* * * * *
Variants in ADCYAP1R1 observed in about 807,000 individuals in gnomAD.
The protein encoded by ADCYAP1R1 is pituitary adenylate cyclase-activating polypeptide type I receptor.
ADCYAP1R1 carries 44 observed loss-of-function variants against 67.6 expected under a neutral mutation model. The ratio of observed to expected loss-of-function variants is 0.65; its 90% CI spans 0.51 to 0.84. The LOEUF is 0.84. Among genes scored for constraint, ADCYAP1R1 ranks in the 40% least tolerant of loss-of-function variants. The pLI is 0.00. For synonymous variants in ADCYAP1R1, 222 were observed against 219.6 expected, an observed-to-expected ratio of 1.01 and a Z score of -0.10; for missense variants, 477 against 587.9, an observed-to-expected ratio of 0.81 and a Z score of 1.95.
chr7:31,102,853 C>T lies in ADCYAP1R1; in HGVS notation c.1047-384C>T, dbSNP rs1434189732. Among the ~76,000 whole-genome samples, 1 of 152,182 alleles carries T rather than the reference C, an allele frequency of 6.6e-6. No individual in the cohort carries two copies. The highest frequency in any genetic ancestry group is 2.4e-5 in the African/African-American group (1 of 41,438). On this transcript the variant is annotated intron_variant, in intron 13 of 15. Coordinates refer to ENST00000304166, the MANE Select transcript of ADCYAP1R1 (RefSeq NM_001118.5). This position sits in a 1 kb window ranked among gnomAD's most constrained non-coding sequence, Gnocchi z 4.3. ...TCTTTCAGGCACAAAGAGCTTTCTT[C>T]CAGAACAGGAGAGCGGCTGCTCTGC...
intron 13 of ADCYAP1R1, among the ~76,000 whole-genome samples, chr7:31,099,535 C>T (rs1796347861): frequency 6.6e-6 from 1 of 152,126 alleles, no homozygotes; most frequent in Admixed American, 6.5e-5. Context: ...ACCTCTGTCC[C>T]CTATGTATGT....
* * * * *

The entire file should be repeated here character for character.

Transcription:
Variants in ADCYAP1R1 observed in about 807,000 individuals in gnomAD.
The protein encoded by ADCYAP1R1 is pituitary adenylate cyclase-activating polypeptide type I receptor.
ADCYAP1R1 carries 44 observed loss-of-function variants against 67.6 expected under a neutral mutation model. The ratio of observed to expected loss-of-function variants is 0.65; its 90% CI spans 0.51 to 0.84. The LOEUF is 0.84. Among genes scored for constraint, ADCYAP1R1 ranks in the 40% least tolerant of loss-of-function variants. The pLI is 0.00. For synonymous variants in ADCYAP1R1, 222 were observed against 219.6 expected, an observed-to-expected ratio of 1.01 and a Z score of -0.10; for missense variants, 477 against 587.9, an observed-to-expected ratio of 0.81 and a Z score of 1.95.
chr7:31,102,853 C>T lies in ADCYAP1R1; in HGVS notation c.1047-384C>T, dbSNP rs1434189732. Among the ~76,000 whole-genome samples, 1 of 152,182 alleles carries T rather than the reference C, an allele frequency of 6.6e-6. No individual in the cohort carries two copies. The highest frequency in any genetic ancestry group is 2.4e-5 in the African/African-American group (1 of 41,438). On this transcript the variant is annotated intron_variant, in intron 13 of 15. Coordinates refer to ENST00000304166, the MANE Select transcript of ADCYAP1R1 (RefSeq NM_001118.5). This position sits in a 1 kb window ranked among gnomAD's most constrained non-coding sequence, Gnocchi z 4.3. ...TCTTTCAGGCACAAAGAGCTTTCTT[C>T]CAGAACAGGAGAGCGGCTGCTCTGC...
intron 13 of ADCYAP1R1, among the ~76,000 whole-genome samples, chr7:31,099,535 C>T (rs1796347861): frequency 6.6e-6 from 1 of 152,126 alleles, no homozygotes; most frequent in Admixed American, 6.5e-5. Context: ...ACCTCTGTCC[C>T]CTATGTATGT....